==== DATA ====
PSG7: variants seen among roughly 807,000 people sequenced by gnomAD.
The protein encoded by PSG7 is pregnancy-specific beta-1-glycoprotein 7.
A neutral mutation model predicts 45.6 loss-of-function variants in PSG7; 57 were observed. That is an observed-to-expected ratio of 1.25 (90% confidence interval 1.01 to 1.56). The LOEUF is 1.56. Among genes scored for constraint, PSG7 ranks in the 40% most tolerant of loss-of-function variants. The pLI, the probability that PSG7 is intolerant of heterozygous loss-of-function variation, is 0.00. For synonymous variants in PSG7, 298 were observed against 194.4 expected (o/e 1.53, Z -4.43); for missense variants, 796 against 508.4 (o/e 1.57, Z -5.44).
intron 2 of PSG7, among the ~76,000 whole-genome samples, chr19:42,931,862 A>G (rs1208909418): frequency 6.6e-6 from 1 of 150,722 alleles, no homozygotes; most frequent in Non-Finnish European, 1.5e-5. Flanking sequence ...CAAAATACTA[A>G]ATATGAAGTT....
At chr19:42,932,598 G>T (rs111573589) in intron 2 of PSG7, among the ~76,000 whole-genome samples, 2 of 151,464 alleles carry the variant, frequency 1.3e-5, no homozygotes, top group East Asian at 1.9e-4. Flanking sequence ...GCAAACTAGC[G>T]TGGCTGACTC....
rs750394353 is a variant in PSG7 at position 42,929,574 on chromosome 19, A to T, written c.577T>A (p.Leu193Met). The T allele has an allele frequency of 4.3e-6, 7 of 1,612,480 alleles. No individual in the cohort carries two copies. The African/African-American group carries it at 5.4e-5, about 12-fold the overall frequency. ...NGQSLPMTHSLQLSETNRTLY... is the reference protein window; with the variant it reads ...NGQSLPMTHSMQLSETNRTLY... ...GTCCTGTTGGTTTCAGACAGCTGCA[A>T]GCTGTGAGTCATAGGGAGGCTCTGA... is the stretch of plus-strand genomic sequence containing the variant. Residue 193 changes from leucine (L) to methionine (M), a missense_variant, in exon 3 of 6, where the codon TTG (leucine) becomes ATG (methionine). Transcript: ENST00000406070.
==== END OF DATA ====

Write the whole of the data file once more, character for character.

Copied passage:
PSG7: variants seen among roughly 807,000 people sequenced by gnomAD.
The protein encoded by PSG7 is pregnancy-specific beta-1-glycoprotein 7.
A neutral mutation model predicts 45.6 loss-of-function variants in PSG7; 57 were observed. That is an observed-to-expected ratio of 1.25 (90% confidence interval 1.01 to 1.56). The LOEUF is 1.56. Among genes scored for constraint, PSG7 ranks in the 40% most tolerant of loss-of-function variants. The pLI, the probability that PSG7 is intolerant of heterozygous loss-of-function variation, is 0.00. For synonymous variants in PSG7, 298 were observed against 194.4 expected (o/e 1.53, Z -4.43); for missense variants, 796 against 508.4 (o/e 1.57, Z -5.44).
intron 2 of PSG7, among the ~76,000 whole-genome samples, chr19:42,931,862 A>G (rs1208909418): frequency 6.6e-6 from 1 of 150,722 alleles, no homozygotes; most frequent in Non-Finnish European, 1.5e-5. Flanking sequence ...CAAAATACTA[A>G]ATATGAAGTT....
At chr19:42,932,598 G>T (rs111573589) in intron 2 of PSG7, among the ~76,000 whole-genome samples, 2 of 151,464 alleles carry the variant, frequency 1.3e-5, no homozygotes, top group East Asian at 1.9e-4. Flanking sequence ...GCAAACTAGC[G>T]TGGCTGACTC....
rs750394353 is a variant in PSG7 at position 42,929,574 on chromosome 19, A to T, written c.577T>A (p.Leu193Met). The T allele has an allele frequency of 4.3e-6, 7 of 1,612,480 alleles. No individual in the cohort carries two copies. The African/African-American group carries it at 5.4e-5, about 12-fold the overall frequency. ...NGQSLPMTHSLQLSETNRTLY... is the reference protein window; with the variant it reads ...NGQSLPMTHSMQLSETNRTLY... ...GTCCTGTTGGTTTCAGACAGCTGCA[A>T]GCTGTGAGTCATAGGGAGGCTCTGA... is the stretch of plus-strand genomic sequence containing the variant. Residue 193 changes from leucine (L) to methionine (M), a missense_variant, in exon 3 of 6, where the codon TTG (leucine) becomes ATG (methionine). Transcript: ENST00000406070.